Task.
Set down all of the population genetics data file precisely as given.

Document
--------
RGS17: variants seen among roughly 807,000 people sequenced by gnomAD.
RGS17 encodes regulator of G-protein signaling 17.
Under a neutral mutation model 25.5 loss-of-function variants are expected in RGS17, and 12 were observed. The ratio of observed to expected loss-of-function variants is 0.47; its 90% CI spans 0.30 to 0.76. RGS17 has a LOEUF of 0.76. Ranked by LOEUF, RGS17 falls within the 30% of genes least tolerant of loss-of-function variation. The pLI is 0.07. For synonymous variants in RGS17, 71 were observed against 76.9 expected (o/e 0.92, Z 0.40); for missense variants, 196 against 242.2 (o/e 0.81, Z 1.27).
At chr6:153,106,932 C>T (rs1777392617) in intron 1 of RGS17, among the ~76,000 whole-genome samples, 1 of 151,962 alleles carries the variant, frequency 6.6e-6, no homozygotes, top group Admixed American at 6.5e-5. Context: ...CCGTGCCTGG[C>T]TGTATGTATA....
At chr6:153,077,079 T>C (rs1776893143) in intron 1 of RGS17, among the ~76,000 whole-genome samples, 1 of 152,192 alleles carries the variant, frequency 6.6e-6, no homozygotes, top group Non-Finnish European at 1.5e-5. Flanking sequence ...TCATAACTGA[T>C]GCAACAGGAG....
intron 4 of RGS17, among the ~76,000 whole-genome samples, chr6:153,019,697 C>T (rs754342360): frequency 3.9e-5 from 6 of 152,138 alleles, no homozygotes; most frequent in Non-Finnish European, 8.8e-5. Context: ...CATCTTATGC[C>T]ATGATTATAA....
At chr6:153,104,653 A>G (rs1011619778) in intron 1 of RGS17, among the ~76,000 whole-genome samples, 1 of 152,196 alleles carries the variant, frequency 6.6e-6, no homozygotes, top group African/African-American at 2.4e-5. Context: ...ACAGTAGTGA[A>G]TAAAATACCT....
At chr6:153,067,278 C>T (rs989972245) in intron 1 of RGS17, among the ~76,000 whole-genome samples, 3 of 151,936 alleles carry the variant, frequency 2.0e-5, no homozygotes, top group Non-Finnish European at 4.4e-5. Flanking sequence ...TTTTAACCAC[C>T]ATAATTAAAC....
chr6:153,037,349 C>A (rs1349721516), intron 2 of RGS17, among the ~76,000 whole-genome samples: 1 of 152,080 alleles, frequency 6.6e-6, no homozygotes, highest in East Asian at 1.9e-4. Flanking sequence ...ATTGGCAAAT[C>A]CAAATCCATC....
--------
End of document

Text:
RGS17: variants seen among roughly 807,000 people sequenced by gnomAD.
RGS17 encodes regulator of G-protein signaling 17.
Under a neutral mutation model 25.5 loss-of-function variants are expected in RGS17, and 12 were observed. The ratio of observed to expected loss-of-function variants is 0.47; its 90% CI spans 0.30 to 0.76. RGS17 has a LOEUF of 0.76. Ranked by LOEUF, RGS17 falls within the 30% of genes least tolerant of loss-of-function variation. The pLI is 0.07. For synonymous variants in RGS17, 71 were observed against 76.9 expected (o/e 0.92, Z 0.40); for missense variants, 196 against 242.2 (o/e 0.81, Z 1.27).
At chr6:153,106,932 C>T (rs1777392617) in intron 1 of RGS17, among the ~76,000 whole-genome samples, 1 of 151,962 alleles carries the variant, frequency 6.6e-6, no homozygotes, top group Admixed American at 6.5e-5. Context: ...CCGTGCCTGG[C>T]TGTATGTATA....
At chr6:153,077,079 T>C (rs1776893143) in intron 1 of RGS17, among the ~76,000 whole-genome samples, 1 of 152,192 alleles carries the variant, frequency 6.6e-6, no homozygotes, top group Non-Finnish European at 1.5e-5. Flanking sequence ...TCATAACTGA[T>C]GCAACAGGAG....
intron 4 of RGS17, among the ~76,000 whole-genome samples, chr6:153,019,697 C>T (rs754342360): frequency 3.9e-5 from 6 of 152,138 alleles, no homozygotes; most frequent in Non-Finnish European, 8.8e-5. Context: ...CATCTTATGC[C>T]ATGATTATAA....
At chr6:153,104,653 A>G (rs1011619778) in intron 1 of RGS17, among the ~76,000 whole-genome samples, 1 of 152,196 alleles carries the variant, frequency 6.6e-6, no homozygotes, top group African/African-American at 2.4e-5. Context: ...ACAGTAGTGA[A>G]TAAAATACCT....
At chr6:153,067,278 C>T (rs989972245) in intron 1 of RGS17, among the ~76,000 whole-genome samples, 3 of 151,936 alleles carry the variant, frequency 2.0e-5, no homozygotes, top group Non-Finnish European at 4.4e-5. Flanking sequence ...TTTTAACCAC[C>T]ATAATTAAAC....
chr6:153,037,349 C>A (rs1349721516), intron 2 of RGS17, among the ~76,000 whole-genome samples: 1 of 152,080 alleles, frequency 6.6e-6, no homozygotes, highest in East Asian at 1.9e-4. Flanking sequence ...ATTGGCAAAT[C>A]CAAATCCATC....